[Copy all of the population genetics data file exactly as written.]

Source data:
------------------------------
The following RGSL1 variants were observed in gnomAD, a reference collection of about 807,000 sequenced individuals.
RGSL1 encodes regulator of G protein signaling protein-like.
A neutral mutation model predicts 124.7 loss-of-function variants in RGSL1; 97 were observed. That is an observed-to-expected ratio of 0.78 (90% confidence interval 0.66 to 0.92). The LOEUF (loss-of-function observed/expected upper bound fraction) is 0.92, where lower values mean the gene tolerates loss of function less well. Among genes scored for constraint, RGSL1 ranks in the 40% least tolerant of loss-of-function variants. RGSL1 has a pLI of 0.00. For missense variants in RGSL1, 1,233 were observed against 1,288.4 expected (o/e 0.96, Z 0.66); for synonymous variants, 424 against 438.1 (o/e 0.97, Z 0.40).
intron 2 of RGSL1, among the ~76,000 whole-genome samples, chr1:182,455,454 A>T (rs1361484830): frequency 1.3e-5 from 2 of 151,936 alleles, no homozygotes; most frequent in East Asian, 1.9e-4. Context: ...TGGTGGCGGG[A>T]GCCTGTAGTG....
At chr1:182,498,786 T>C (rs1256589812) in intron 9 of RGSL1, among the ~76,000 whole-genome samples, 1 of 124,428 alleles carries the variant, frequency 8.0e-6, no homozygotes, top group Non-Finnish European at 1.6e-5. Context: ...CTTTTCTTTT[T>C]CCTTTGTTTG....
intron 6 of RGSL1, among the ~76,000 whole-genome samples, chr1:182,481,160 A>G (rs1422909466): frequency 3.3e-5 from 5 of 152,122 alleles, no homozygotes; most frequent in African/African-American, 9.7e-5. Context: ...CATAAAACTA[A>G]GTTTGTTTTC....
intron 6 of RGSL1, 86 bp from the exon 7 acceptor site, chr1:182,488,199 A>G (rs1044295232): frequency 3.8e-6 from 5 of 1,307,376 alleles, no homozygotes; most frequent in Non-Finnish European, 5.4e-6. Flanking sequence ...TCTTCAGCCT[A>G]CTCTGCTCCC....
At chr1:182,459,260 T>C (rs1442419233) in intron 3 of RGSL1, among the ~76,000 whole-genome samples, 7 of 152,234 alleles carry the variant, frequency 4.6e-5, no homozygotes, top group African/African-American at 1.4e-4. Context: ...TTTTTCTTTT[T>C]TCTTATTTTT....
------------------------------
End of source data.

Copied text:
The following RGSL1 variants were observed in gnomAD, a reference collection of about 807,000 sequenced individuals.
RGSL1 encodes regulator of G protein signaling protein-like.
A neutral mutation model predicts 124.7 loss-of-function variants in RGSL1; 97 were observed. That is an observed-to-expected ratio of 0.78 (90% confidence interval 0.66 to 0.92). The LOEUF (loss-of-function observed/expected upper bound fraction) is 0.92, where lower values mean the gene tolerates loss of function less well. Among genes scored for constraint, RGSL1 ranks in the 40% least tolerant of loss-of-function variants. RGSL1 has a pLI of 0.00. For missense variants in RGSL1, 1,233 were observed against 1,288.4 expected (o/e 0.96, Z 0.66); for synonymous variants, 424 against 438.1 (o/e 0.97, Z 0.40).
intron 2 of RGSL1, among the ~76,000 whole-genome samples, chr1:182,455,454 A>T (rs1361484830): frequency 1.3e-5 from 2 of 151,936 alleles, no homozygotes; most frequent in East Asian, 1.9e-4. Context: ...TGGTGGCGGG[A>T]GCCTGTAGTG....
At chr1:182,498,786 T>C (rs1256589812) in intron 9 of RGSL1, among the ~76,000 whole-genome samples, 1 of 124,428 alleles carries the variant, frequency 8.0e-6, no homozygotes, top group Non-Finnish European at 1.6e-5. Context: ...CTTTTCTTTT[T>C]CCTTTGTTTG....
intron 6 of RGSL1, among the ~76,000 whole-genome samples, chr1:182,481,160 A>G (rs1422909466): frequency 3.3e-5 from 5 of 152,122 alleles, no homozygotes; most frequent in African/African-American, 9.7e-5. Context: ...CATAAAACTA[A>G]GTTTGTTTTC....
intron 6 of RGSL1, 86 bp from the exon 7 acceptor site, chr1:182,488,199 A>G (rs1044295232): frequency 3.8e-6 from 5 of 1,307,376 alleles, no homozygotes; most frequent in Non-Finnish European, 5.4e-6. Flanking sequence ...TCTTCAGCCT[A>G]CTCTGCTCCC....
At chr1:182,459,260 T>C (rs1442419233) in intron 3 of RGSL1, among the ~76,000 whole-genome samples, 7 of 152,234 alleles carry the variant, frequency 4.6e-5, no homozygotes, top group African/African-American at 1.4e-4. Context: ...TTTTTCTTTT[T>C]TCTTATTTTT....